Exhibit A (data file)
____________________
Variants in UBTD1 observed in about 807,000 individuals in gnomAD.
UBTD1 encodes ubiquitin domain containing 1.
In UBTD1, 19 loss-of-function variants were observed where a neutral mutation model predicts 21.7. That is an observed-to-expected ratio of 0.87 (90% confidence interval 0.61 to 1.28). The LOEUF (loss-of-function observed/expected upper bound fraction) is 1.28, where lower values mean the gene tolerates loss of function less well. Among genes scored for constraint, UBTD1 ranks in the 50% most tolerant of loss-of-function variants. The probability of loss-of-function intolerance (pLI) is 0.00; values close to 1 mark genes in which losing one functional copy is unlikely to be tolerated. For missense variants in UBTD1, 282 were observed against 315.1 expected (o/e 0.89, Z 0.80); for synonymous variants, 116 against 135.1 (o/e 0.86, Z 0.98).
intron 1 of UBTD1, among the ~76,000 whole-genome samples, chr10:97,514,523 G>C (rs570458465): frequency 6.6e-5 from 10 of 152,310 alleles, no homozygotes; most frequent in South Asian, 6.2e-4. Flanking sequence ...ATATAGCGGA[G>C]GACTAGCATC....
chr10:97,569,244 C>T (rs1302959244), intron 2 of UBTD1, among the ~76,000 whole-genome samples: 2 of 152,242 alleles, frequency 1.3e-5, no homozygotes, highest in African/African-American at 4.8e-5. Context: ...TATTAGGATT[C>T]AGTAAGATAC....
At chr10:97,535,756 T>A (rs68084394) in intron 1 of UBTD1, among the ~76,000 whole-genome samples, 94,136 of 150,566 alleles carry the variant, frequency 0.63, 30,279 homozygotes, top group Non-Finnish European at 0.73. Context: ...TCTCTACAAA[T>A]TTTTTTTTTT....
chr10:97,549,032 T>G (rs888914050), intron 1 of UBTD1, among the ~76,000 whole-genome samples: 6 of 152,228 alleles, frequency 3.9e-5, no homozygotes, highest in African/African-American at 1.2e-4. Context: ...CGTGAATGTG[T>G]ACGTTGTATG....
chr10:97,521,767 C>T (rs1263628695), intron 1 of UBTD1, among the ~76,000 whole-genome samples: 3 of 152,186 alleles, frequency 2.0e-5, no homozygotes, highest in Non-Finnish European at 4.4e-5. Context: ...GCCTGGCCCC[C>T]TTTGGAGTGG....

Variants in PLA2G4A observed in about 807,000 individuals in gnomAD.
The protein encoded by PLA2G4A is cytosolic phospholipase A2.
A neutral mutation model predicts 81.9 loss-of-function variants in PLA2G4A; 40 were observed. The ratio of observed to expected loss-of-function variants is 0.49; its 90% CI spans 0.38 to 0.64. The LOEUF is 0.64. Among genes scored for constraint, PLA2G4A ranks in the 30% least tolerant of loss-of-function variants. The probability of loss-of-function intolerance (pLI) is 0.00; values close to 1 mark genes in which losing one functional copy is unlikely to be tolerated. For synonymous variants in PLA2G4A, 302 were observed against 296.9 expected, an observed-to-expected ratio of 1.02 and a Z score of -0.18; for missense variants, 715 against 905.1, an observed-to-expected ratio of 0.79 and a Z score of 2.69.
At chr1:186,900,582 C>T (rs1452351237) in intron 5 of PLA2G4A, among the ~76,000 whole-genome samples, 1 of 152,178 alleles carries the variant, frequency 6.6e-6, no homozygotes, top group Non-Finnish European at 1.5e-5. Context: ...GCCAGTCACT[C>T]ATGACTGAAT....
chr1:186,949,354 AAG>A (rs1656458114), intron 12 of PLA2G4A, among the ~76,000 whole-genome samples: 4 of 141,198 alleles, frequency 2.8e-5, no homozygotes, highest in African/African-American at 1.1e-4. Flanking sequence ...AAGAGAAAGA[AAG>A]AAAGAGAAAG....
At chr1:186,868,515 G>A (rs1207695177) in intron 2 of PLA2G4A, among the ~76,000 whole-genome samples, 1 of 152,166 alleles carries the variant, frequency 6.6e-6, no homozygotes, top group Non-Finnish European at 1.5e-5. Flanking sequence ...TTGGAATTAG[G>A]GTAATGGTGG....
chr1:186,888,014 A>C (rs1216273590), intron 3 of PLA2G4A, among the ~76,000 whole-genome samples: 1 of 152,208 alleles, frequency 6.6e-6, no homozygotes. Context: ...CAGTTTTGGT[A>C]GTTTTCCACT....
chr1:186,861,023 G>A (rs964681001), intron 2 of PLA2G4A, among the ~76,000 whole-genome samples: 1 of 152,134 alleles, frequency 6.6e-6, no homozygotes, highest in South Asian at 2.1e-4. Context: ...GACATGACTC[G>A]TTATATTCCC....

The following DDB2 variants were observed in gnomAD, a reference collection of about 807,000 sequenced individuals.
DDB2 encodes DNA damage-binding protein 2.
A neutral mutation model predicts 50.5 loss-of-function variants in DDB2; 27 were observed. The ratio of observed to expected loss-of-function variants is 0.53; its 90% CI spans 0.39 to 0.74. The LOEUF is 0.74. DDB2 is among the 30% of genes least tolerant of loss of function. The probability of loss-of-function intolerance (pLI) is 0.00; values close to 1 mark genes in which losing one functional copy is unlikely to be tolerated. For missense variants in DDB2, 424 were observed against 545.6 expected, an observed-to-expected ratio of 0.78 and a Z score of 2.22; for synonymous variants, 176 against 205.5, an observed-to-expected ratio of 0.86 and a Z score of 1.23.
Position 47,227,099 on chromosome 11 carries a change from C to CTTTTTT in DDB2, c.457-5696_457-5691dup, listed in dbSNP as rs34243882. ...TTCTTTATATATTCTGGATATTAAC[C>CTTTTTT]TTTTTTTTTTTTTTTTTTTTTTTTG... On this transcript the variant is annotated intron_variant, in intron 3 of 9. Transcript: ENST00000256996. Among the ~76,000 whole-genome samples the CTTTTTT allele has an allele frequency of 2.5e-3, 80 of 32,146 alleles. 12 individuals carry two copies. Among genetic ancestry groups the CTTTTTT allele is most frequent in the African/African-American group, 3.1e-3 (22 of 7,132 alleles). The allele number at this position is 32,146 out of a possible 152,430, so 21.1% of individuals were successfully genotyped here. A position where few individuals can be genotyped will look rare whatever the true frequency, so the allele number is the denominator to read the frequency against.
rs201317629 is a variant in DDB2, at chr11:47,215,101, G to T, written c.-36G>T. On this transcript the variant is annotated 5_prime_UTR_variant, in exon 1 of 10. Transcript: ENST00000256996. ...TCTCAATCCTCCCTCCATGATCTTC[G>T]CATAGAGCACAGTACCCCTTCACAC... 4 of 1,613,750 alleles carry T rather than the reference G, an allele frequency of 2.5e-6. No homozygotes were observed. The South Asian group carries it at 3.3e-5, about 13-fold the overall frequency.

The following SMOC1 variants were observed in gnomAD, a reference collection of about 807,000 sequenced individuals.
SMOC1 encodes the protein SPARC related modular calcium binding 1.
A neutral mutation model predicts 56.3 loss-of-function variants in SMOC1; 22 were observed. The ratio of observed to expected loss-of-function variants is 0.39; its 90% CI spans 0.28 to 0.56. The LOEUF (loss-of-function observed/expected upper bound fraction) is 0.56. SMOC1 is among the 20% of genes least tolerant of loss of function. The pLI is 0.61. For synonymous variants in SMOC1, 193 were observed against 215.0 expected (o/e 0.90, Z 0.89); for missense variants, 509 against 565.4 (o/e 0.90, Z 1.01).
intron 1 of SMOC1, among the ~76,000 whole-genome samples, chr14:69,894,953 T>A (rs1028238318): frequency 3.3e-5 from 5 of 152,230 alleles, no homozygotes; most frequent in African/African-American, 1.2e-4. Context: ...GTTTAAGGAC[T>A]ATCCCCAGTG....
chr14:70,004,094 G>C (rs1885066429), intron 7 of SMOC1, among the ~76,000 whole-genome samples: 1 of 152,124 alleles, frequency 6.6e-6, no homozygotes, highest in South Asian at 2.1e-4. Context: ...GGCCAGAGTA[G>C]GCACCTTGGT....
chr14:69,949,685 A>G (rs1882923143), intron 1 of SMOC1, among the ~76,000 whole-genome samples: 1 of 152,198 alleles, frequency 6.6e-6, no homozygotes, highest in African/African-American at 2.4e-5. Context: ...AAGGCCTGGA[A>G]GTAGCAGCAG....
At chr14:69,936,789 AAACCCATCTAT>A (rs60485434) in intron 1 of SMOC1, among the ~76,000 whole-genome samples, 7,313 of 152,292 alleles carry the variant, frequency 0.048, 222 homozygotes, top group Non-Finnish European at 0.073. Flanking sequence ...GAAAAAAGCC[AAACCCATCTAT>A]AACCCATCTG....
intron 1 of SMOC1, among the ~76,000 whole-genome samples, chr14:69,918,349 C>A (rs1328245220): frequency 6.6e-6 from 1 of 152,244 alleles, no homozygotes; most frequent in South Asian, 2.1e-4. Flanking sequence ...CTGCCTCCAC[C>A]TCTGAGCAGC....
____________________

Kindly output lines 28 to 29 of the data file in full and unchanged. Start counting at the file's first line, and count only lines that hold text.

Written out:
At chr14:69,936,789 AAACCCATCTAT>A (rs60485434) in intron 1 of SMOC1, among the ~76,000 whole-genome samples, 7,313 of 152,292 alleles carry the variant, frequency 0.048, 222 homozygotes, top group Non-Finnish European at 0.073. Flanking sequence ...GAAAAAAGCC[AAACCCATCTAT>A]AACCCATCTG....
intron 1 of SMOC1, among the ~76,000 whole-genome samples, chr14:69,918,349 C>A (rs1328245220): frequency 6.6e-6 from 1 of 152,244 alleles, no homozygotes; most frequent in South Asian, 2.1e-4. Flanking sequence ...CTGCCTCCAC[C>A]TCTGAGCAGC....